The tenant may ask the judge for more time to prepare a defense or to hire an attorney. Alaska law provides that eviction actions, or “Forcible Entry and Detainer” (FED) cases, take place in two stages – first, a hearing to decide whether the landlord or tenant should get possession of the rental property and second, a hearing to determine whether any damages, or monetary compensation, should be awarded to either party. The first hearing for possession will be scheduled within 15 days after the case has been filed in court and the tenant must receive notice of the hearing at least two days prior to the hearing. (Alaska R. Civ. P. 85(a)(2)). Given the fact that an eviction hearing is scheduled quickly, a judge may grant the tenant extra time to find an attorney to raise appropriate defenses.
There may be a situation in which an action or inaction by the landlord excuses the tenant’s payment of rent under the law or by the terms of the lease or rental agreement—in which case, the landlord would not have grounds to evict the tenant. A tenant may file a counterclaim for damages to offset the rent due to the landlord because the rental property is not fit for living. Examples of an unfit rental unit include a rodent infestation, a leaking roof causing damage inside the rental property living space, a broken furnace during cold temperatures, or the shut off of utilities, such as water or electricity, that is not the fault of the tenant. It is in the court’s discretion whether the tenant can remain in the rental unit pending the outcome of the counterclaim. (AS 34.03.190). See Nolo article Alaska Tenant Rights to Withhold Rent or “Repair and Deduct” for more on the subject.
Any delay by the tenant in the eviction proceeding, including the filing of a counterclaim, may result in many months passing before a court makes a decision on the eviction. As such, the landlord will usually ask for rent to be escrowed to the clerk of the court during the delay or stay of the proceedings. The court will order the tenant to pay the monthly rent to the court, with the landlord’s hope that this money will be released to the landlord upon resolution of the court action. Escrowed rent prevents the tenant from living rent-free while the lawsuit is ongoing. However, if a counterclaim by the tenant involves lease violations by the landlord, the landlord has six months to cure the violations -- otherwise the judge may order that all rent paid into escrow with the clerk of the court be refunded to the tenant. (AS 34.03.190(a)(3)).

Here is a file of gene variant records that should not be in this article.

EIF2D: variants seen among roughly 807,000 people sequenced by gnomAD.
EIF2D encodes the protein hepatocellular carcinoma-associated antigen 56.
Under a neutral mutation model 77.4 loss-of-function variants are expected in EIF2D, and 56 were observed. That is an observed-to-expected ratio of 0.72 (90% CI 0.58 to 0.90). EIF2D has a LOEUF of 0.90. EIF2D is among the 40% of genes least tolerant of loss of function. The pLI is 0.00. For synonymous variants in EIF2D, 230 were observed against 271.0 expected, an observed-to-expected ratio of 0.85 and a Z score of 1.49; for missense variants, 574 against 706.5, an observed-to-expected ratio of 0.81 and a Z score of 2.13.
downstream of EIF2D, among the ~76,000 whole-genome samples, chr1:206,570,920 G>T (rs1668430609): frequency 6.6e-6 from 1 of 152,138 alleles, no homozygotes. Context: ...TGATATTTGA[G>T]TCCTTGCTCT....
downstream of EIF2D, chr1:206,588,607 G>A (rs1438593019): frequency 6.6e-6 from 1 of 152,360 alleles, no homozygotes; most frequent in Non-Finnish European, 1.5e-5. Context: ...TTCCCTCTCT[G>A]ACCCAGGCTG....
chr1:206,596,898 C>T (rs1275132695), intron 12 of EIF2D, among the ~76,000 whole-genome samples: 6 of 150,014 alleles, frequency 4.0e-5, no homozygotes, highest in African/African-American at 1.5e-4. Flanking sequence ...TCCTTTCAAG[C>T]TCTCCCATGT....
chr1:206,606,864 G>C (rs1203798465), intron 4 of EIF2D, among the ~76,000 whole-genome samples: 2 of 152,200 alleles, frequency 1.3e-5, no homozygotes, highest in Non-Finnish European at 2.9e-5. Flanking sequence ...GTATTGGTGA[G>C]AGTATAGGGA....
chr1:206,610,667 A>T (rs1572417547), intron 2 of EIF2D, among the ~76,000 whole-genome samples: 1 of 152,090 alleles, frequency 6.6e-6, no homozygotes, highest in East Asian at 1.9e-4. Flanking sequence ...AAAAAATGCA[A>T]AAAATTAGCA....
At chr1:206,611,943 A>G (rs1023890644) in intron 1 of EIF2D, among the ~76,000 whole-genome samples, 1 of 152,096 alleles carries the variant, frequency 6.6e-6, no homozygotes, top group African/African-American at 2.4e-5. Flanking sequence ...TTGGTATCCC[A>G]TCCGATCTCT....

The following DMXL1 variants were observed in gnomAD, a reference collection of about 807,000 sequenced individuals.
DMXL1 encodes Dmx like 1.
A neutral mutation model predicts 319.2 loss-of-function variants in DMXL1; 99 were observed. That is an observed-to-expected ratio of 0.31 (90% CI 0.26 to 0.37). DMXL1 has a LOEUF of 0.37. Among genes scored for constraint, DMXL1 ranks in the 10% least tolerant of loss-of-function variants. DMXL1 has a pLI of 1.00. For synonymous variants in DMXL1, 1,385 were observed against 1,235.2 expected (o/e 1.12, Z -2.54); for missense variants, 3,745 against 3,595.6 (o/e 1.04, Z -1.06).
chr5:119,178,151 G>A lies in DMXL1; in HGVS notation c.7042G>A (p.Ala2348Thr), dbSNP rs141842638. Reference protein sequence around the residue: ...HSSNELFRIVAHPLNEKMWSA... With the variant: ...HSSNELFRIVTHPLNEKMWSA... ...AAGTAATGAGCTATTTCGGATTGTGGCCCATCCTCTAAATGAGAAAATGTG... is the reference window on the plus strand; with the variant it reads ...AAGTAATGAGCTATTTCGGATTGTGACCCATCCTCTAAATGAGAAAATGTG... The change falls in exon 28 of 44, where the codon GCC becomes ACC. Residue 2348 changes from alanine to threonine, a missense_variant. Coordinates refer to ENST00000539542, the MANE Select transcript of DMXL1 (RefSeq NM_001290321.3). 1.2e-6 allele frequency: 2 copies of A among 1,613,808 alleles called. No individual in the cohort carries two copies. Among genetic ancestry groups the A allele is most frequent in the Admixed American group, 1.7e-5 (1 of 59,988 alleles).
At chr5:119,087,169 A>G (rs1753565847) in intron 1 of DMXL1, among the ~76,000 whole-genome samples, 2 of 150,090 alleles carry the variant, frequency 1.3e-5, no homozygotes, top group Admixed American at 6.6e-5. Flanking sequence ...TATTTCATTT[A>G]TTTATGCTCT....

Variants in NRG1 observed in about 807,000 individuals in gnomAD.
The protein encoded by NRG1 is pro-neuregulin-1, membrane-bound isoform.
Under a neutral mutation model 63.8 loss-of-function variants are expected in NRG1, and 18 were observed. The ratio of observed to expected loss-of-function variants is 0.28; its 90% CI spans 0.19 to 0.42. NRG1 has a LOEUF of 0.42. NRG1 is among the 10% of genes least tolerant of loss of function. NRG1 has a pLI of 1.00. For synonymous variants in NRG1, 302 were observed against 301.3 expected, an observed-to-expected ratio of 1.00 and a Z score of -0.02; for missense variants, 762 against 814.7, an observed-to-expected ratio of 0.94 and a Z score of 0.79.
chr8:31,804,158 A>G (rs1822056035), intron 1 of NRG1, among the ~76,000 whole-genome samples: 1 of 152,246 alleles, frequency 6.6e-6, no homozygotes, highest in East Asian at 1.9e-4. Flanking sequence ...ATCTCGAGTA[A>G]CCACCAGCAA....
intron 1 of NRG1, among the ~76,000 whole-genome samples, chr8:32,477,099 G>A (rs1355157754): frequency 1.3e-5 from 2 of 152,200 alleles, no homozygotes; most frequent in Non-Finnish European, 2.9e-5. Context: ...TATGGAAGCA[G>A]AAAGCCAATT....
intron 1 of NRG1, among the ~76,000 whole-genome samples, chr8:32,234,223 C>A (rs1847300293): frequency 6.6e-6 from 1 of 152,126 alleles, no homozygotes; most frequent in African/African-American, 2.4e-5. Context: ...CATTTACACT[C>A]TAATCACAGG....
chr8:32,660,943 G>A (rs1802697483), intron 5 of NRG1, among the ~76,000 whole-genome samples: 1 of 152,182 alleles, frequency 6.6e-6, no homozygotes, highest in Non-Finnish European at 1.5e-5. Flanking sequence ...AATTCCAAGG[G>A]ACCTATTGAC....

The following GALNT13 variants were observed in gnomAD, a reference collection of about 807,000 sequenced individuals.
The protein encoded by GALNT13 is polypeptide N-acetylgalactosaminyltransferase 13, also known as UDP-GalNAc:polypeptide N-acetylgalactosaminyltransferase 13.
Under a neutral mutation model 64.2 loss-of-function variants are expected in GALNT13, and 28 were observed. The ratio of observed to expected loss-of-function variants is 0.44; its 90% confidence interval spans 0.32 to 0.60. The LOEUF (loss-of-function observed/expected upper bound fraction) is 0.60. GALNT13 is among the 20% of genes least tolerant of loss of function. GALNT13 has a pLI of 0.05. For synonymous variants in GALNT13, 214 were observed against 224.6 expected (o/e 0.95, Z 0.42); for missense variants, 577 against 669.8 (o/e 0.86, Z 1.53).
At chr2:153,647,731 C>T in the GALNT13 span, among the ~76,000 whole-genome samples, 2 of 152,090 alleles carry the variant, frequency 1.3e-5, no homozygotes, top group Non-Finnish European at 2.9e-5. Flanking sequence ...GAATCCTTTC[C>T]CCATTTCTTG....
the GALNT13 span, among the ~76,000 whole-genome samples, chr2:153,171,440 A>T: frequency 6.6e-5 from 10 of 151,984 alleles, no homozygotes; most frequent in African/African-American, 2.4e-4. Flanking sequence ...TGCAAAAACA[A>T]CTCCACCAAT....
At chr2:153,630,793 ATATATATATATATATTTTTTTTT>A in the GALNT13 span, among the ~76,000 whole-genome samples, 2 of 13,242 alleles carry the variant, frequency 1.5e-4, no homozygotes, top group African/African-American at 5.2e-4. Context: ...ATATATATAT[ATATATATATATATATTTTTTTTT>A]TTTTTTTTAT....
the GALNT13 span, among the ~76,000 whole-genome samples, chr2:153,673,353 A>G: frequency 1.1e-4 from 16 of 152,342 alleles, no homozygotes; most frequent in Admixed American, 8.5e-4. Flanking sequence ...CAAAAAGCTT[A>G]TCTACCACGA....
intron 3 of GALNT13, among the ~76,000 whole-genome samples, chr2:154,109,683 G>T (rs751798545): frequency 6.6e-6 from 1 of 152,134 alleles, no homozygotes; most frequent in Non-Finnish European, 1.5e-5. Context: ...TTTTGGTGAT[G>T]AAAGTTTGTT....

There may come a time when the landlord is better off stopping the eviction process to work with the tenant. If the tenant has a valid legal defense to the eviction, the landlord may need to continue the lease until he or she has a valid reason to evict the tenant or until the lease term ends. A landlord who pushes an improper eviction too far may end up being held responsible for violating discrimination or housing laws and may be required to pay the tenant’s attorney fees. It may also be possible for a landlord and tenant to agree to sign a new lease or rental agreement reflecting a new understanding between the parties, such as a reduced monthly rental rate or a shorter lease term. In some situations, a tenant may agree to move out if the landlord helps the tenant relocate to a new rental property or negotiates a financial settlement.
In many cases, landlords will want to hire an attorney, particularly if a tenant is not only fighting an eviction but also claiming damages against the landlord. Although Alaska law does not permit a jury trial for a possession hearing, it will be important for the landlord to hire an attorney who can present evidence and question the landlord on the stand so the judge is able to hear the landlord’s side of the facts.
Tenants who have questions about their eviction case or defense or are dealing with a landlord who has already retained a lawyer, should probably also contact a lawyer. A lawyer can handle the whole case or give a tenant advice on how to proceed. A lawyer can also let a tenant know how likely he or she is to win their case. Tenants may especially want to hire an attorney if they have a complicated case or if they are confident of their case and their lease or rental agreement entitles them to attorney fees if they win in court.
For advice on finding a good lawyer, see the Nolo article How to Find an Excellent Attorney.
Landlord-tenant law is not always straightforward or simple and advanced legal knowledge may be needed in many unique situations. Nolo’s Lawyer Directory includes landlord-tenant lawyers in Alaska who may be helpful in this regard.
The Alaska Landlord & Tenant Act: what it means to you is a useful guide for landlords and tenants and has been approved by the Alaska Department of Law. Another useful site is the Alaska Legal Resource Center. See also, Nolo’s Overview of Landlord-Tenant Laws in Alaska for further landlord-tenant related information in Alaska.